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Imf: a Descriptive Study

  • Date Submitted: 02/08/2014 09:30 AM
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The IMF and the Transition from Central Planning

The Death of Central Planning and the Birth of Markets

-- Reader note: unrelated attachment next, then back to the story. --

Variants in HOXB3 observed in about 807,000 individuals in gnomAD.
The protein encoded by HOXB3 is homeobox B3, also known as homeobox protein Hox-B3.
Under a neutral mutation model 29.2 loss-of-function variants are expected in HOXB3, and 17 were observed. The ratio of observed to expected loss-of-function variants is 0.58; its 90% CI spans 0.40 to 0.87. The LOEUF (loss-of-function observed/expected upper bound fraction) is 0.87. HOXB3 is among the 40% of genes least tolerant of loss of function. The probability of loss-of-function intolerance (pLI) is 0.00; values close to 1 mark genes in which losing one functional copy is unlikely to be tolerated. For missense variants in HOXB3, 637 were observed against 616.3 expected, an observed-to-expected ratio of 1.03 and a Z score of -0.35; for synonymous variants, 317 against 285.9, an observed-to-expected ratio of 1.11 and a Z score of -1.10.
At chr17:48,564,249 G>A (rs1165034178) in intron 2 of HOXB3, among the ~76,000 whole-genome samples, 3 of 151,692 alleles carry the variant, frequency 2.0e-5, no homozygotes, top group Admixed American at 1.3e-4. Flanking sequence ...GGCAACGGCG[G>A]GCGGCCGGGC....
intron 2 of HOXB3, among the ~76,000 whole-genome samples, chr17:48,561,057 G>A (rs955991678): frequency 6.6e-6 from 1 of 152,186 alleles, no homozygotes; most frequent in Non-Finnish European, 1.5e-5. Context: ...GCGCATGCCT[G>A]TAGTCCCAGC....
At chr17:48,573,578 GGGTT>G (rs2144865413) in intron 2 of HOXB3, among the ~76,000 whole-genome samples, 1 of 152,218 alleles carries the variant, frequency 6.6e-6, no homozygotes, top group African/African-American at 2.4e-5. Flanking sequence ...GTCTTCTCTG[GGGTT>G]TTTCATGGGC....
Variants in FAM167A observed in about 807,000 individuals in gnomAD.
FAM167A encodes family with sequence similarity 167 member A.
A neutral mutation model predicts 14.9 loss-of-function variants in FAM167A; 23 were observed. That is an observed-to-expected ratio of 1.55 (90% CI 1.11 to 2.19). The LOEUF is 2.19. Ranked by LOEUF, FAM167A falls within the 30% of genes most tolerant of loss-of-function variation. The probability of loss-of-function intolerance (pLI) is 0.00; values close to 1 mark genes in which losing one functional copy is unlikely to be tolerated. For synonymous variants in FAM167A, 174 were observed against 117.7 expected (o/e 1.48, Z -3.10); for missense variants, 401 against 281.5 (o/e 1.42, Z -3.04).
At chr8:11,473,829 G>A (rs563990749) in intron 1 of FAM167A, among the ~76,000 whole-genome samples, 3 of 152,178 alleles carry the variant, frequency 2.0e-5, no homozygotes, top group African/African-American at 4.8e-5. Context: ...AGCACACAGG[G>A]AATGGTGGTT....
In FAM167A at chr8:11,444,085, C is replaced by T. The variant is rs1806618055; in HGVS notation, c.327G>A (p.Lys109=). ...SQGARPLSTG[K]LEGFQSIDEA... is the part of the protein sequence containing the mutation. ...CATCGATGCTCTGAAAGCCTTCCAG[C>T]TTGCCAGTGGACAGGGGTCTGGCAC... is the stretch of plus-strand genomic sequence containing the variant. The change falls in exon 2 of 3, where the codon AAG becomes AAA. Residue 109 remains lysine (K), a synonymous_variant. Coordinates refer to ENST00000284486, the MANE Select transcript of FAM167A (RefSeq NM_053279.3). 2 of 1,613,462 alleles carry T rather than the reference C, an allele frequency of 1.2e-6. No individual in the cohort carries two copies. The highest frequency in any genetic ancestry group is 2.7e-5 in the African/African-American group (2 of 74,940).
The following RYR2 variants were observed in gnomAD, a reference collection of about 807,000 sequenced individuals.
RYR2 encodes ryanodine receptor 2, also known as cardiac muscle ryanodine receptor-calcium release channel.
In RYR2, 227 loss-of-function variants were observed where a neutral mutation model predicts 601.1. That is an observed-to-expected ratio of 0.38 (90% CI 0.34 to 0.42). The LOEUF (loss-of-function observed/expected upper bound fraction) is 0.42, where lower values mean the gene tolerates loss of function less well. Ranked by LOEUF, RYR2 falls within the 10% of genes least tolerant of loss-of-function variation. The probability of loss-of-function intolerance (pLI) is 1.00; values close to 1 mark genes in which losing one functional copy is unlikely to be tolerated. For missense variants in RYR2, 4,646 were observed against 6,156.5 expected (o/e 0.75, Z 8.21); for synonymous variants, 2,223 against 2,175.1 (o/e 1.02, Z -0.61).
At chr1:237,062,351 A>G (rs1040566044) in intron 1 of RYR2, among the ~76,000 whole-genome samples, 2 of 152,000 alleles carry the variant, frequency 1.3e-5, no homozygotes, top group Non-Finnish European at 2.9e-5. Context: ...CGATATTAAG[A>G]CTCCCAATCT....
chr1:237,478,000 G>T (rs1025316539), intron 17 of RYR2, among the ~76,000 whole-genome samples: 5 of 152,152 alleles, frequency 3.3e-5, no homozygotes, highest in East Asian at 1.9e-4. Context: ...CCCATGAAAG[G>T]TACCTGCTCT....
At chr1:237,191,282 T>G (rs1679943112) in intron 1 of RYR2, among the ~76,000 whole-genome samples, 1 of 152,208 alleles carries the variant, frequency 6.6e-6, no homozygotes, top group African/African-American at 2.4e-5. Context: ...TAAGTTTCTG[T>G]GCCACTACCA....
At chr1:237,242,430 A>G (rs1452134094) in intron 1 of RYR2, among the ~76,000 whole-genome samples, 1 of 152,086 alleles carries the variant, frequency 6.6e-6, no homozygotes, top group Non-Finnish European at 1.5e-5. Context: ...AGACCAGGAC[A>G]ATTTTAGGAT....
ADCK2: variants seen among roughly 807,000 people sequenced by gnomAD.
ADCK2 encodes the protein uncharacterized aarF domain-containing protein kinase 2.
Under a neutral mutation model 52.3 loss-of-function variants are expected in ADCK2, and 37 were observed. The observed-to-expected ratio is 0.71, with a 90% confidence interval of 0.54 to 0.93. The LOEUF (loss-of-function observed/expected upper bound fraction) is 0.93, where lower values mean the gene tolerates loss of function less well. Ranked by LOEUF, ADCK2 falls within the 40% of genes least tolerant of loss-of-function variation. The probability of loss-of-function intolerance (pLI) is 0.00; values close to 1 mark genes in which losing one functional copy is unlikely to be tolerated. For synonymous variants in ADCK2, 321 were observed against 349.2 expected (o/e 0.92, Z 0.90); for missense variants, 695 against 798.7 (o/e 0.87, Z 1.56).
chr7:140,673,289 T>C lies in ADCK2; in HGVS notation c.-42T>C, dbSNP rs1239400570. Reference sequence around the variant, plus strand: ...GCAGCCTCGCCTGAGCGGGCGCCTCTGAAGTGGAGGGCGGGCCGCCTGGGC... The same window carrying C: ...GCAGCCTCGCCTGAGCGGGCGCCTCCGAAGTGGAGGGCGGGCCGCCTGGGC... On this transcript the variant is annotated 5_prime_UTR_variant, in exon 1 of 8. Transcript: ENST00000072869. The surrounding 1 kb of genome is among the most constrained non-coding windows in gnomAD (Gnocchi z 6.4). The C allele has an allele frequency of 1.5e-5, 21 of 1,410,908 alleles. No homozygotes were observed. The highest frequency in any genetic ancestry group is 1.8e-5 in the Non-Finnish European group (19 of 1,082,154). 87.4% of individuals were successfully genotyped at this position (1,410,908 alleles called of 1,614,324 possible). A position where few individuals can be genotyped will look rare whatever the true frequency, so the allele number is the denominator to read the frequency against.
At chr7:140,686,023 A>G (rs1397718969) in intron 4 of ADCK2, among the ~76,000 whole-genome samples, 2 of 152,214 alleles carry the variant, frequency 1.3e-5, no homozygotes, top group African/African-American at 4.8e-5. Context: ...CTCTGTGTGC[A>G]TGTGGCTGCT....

efore the period covered by this History, the IMF was often described as a “capitalist club.” Few socialist or centrally planned countries were members, and the absence of the Soviet bloc and (until 1980) the People’s Republic of China was a glaring feature of the membership. It was not designed to be that way. As described in Chapter 2, the U.S. government under President Franklin D. Roosevelt tried hard in 1944 to pave the way for the Soviet Union to become an original member of the IMF. That effort almost succeeded, but when relations between the United States and the Soviet Union hardened into the Cold War, financial cooperation through the IMF was a collateral casualty. In fact, the IMF never really was a capitalist club. Its membership during the Cold War always included nonaligned countries with socialist or semisocialist economies, such as Egypt, India, and Yugoslavia. It also included at least a few Soviet allies. Relations with socialist countries, however, often became strained. Poland withdrew in 1950 under pressure from the Soviet Union, and Czechoslovakia was expelled in 1954 for failing to provide required data. Cuba withdrew from membership in 1964, five years after Fidel Castro took power and began restructuring the economy along socialist lines. All three countries had been original members from 1945. Romania joined the IMF in 1972, but relations deteriorated badly in the 1980s until the overthrow of Nicolae Ceausescu in November 1989.1 ¸ In some respects, matters improved in the 1980s. Deng Xiaoping’s liberalization initiative in 1979 opened the way for the People’s Republic of China to assume control of China’s membership at the IMF. The weakening finances of the Soviet Union, combined with the international debt crisis, made it both possible and necessary for Hungary to join in 1981 and for Poland to rejoin in 1986....


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